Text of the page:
[...] even though hand-downs are now all the rage, you can participate in this new trend without having to race with your pockets full - we’ll [...]
The Ben Popper Diary: Salsa, Bonfire, and Beer Hand-Down Powered Racing
by Ben Popper
A few weeks ago, I made a pilgrimage to Toronto. We crossed the border looking for that UCI point, knowing that Saturday’s race was C1 and offered the prize to the top 15, but that with its new NACT status the race would be harder this year. I lined up with that in the back of my head- just take 15th- and went at it. I was sitting in 14th and could taste that point. I could smell it just sitting there 30 minutes away, and then I hit a rock.
I hit lots of rocks. But this was a special rock. This rock was placed there specifically to tell me to CHILL THE EFF OUT, it’s just a race. Who needs UCI points? I’m not a pro, I never claimed to be, and it doesn’t matter whether my name shows up in the rankings, I probably get more high fives on most race days than those fancy pants people do anyway. Nevertheless, it took a rock, a broken spoke, and an out-of-commission-for-the-weekend wheel to transmit that message, and I landed in 20-somethingth place. It’s ok. I raced Sunday, drank some Canadian beer, made jokes with my friends Wes and Kevin about Canadian Jesus, and headed home, intent not to race for some stupid point but for FUN. And so I did.
I raced twice at the Louisville USGP two weekends ago. I went around in circles as fast as I could. I only got hung up on my nuts once, and I guess it was entertaining to a whole crowd of people, but it really hurt, trust me. Racing is what it is, some days I have it, some days I don’t, but let me tell you, finishing in the top 50% of a USGP is something that makes me feel good. Like I belong! Like that “1″ on my license isn’t just because I bugged the hell out of some official! Anyway.
As usual, though, things didn’t go the way you’d expect from someone lining up with the big boys. See, my race matters, but so do my friends, and their races, and that meant that I had to be at the course at 10:15am to shout and heckle. The timing threw a wrench in the nutrition plan (When to drink coffee? When to eat pancakes?) and before I knew it, my stomach was growling and it was noon. The only nearby source of food was Mexican, and having little choice, I had to do it. Salsa isn’t generally good race food, and though I ordered the blandest thing on the menu- a chicken sandwich- I couldn’t resist that salsa on the table. Bad idea.
Needless to say, this mixed well with the morning snack of bits of penis-shaped Appreciation Cookie (complete with appropriately-placed white frosting) we had presented to the My Wife Inc. crew, and I was fueled for a reaaaaaaaally nice race. GULP.
Luckily the legs were burning at a fever pitch that blocked out the heartburn, and I could go for it. Until I wiped out and hung my nuts up on the saddle on the remount, but I already mentioned that great highlight of the weekend. I went around in circles, many times, and finished in the top half of the field and on the lead lap. YAY.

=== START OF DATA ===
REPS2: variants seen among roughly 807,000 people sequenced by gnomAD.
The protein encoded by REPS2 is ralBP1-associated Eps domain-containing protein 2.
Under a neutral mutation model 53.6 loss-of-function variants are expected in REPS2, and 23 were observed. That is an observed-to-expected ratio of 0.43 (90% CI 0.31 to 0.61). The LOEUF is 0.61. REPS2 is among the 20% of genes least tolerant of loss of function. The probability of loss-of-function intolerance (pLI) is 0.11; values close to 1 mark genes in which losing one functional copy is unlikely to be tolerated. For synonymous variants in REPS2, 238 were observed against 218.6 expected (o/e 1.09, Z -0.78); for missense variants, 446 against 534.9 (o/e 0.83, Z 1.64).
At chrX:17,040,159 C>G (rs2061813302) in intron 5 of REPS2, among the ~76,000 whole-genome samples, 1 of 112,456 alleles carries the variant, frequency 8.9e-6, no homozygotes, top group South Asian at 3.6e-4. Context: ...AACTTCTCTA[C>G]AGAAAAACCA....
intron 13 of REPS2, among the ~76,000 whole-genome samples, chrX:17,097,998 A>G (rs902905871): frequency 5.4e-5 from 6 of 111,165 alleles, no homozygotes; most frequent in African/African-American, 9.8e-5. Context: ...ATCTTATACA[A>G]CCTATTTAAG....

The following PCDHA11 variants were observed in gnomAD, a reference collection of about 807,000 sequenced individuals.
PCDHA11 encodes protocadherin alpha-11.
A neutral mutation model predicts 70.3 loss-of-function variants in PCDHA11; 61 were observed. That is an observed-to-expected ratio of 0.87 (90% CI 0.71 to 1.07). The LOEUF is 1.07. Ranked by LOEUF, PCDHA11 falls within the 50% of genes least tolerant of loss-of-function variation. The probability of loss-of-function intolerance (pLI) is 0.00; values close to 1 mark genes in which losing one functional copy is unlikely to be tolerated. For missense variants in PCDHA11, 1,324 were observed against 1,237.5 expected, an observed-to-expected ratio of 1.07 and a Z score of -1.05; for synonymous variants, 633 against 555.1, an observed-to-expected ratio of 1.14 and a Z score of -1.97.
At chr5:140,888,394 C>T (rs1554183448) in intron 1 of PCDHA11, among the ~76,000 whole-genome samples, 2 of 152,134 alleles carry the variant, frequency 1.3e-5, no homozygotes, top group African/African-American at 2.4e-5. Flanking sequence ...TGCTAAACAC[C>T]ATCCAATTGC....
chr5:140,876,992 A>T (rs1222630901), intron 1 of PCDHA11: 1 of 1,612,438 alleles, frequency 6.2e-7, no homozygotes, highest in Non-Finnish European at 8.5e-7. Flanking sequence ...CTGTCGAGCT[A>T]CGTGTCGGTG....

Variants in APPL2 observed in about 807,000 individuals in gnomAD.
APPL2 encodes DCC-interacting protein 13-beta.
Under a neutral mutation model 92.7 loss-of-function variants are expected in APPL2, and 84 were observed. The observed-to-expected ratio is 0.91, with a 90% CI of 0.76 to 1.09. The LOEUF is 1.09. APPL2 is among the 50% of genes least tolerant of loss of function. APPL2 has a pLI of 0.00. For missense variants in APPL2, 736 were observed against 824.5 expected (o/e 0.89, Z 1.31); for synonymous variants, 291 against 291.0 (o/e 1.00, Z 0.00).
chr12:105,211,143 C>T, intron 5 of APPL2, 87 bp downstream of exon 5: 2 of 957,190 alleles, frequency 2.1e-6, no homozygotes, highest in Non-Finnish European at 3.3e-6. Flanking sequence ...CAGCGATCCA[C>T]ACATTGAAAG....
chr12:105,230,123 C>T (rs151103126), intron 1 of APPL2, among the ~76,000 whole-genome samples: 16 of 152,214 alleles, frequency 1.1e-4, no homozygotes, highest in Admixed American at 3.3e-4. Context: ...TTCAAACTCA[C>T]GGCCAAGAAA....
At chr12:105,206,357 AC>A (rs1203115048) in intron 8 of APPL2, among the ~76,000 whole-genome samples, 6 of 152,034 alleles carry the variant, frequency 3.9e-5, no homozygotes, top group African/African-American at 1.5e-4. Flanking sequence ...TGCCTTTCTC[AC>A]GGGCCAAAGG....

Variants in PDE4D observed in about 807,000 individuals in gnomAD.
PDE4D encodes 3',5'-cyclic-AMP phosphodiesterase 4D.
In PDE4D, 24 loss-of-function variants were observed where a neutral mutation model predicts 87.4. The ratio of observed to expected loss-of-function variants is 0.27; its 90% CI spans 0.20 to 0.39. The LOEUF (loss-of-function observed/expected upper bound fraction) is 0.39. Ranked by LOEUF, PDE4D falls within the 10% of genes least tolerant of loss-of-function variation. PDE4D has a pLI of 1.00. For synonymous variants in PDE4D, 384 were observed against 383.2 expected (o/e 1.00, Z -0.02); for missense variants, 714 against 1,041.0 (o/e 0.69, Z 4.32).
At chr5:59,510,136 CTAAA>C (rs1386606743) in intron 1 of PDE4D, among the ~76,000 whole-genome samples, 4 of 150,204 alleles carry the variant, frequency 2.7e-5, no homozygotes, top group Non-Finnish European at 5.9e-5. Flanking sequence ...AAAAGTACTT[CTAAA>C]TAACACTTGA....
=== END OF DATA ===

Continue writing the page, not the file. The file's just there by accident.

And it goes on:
That night it was more Mexican food with friends, and then I got a 10pm call from my friend Kerry. He was camping alone in the dark stretches of the course and had a bonfire going. Now, I’m an Eagle Scout. I know fire, I love fire, I love setting things on fire. And whether or not I needed to be “respectable” in the morning, I needed to join him and set some things on fire. It was creepy being back on the dank, dark, hazy course, completely abandoned, just Kerry, the fire, and me, but what a memorable night.
The next morning, we nailed the nutrition problem with a great big egg sandwich and some home fries and then rolled to the course. In front of the fire, Kerry and I had hatched a plan for a “beer down,” where he’d give me a PBR out of his pocket during the race, per the All Hail The Black Market trend. I stood right in front of the announcer’s stand- you gotta make sure you get credit! – and he reached in his skinsuit pocket, grabbed a PBR, and handed it right to me. BAM! The announcers needed some explanation, but it was flawless. I guess the officials didn’t love it, though, because Kerry said some guy that was riding near him got a warning… he thinks they mistook that guy for him.
Anyway, did I mention that I got to ride my bike, too? Oh, what a day. I lined up feeling like I had sat at a bonfire till 1am and filled my lungs with smoke, which I had, and I thought the one decent result on the weekend would be enough. Then the guys just weren’t nailing the technical stuff and I found myself riding around them. I love the days where the power-happy roadies have to bow to bmx skillz! I crept from the 30′s into 18 and rode there, pulling a train of four around for like five laps. I knew it was a death wish, but it was fun.
I popped with a mighty explosion on the last lap, and folks rode around me like I was standing still. Luckily, only 26 people were on the lead lap, so I rolled to the finish as the last one on the course, just puttering along with the little energy I had left. In fact, Julie had to convince the officials in the pit that someone was still left on the course– I fell back that far. Some of the other guys from that train in 18-21 place hung out at the finish to thank me for pulling them around. Glad I could make their day. I was too busy having fun to think about race tactics or anything, so it’s all good.
Then we went to New Albanian Brewery and drank socialist beers.
It was a good weekend. Stick around, things are getting even better. Thanks for reading.
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